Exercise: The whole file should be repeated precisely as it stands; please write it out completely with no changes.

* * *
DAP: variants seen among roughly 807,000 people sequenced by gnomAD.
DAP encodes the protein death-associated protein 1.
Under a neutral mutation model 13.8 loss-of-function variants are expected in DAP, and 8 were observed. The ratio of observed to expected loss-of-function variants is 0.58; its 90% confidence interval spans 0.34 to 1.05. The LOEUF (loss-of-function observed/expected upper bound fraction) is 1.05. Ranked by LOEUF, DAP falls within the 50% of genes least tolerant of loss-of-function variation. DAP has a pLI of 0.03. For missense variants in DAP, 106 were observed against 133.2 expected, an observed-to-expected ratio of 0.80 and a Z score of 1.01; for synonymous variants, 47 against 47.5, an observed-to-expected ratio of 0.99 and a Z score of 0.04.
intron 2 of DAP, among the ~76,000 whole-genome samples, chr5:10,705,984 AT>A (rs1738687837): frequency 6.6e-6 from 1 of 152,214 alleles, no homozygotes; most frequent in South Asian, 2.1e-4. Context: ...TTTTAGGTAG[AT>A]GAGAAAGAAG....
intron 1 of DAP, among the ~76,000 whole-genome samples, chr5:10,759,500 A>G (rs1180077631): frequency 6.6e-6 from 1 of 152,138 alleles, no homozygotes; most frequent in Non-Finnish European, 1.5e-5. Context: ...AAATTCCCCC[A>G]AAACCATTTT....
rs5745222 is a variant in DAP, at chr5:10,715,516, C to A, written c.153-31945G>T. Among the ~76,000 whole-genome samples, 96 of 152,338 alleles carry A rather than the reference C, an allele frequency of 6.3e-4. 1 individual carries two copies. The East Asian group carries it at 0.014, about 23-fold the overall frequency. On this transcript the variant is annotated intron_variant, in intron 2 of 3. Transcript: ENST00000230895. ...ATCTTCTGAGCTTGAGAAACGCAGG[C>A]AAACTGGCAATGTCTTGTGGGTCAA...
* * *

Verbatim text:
DAP: variants seen among roughly 807,000 people sequenced by gnomAD.
DAP encodes the protein death-associated protein 1.
Under a neutral mutation model 13.8 loss-of-function variants are expected in DAP, and 8 were observed. The ratio of observed to expected loss-of-function variants is 0.58; its 90% confidence interval spans 0.34 to 1.05. The LOEUF (loss-of-function observed/expected upper bound fraction) is 1.05. Ranked by LOEUF, DAP falls within the 50% of genes least tolerant of loss-of-function variation. DAP has a pLI of 0.03. For missense variants in DAP, 106 were observed against 133.2 expected, an observed-to-expected ratio of 0.80 and a Z score of 1.01; for synonymous variants, 47 against 47.5, an observed-to-expected ratio of 0.99 and a Z score of 0.04.
intron 2 of DAP, among the ~76,000 whole-genome samples, chr5:10,705,984 AT>A (rs1738687837): frequency 6.6e-6 from 1 of 152,214 alleles, no homozygotes; most frequent in South Asian, 2.1e-4. Context: ...TTTTAGGTAG[AT>A]GAGAAAGAAG....
intron 1 of DAP, among the ~76,000 whole-genome samples, chr5:10,759,500 A>G (rs1180077631): frequency 6.6e-6 from 1 of 152,138 alleles, no homozygotes; most frequent in Non-Finnish European, 1.5e-5. Context: ...AAATTCCCCC[A>G]AAACCATTTT....
rs5745222 is a variant in DAP, at chr5:10,715,516, C to A, written c.153-31945G>T. Among the ~76,000 whole-genome samples, 96 of 152,338 alleles carry A rather than the reference C, an allele frequency of 6.3e-4. 1 individual carries two copies. The East Asian group carries it at 0.014, about 23-fold the overall frequency. On this transcript the variant is annotated intron_variant, in intron 2 of 3. Transcript: ENST00000230895. ...ATCTTCTGAGCTTGAGAAACGCAGG[C>A]AAACTGGCAATGTCTTGTGGGTCAA...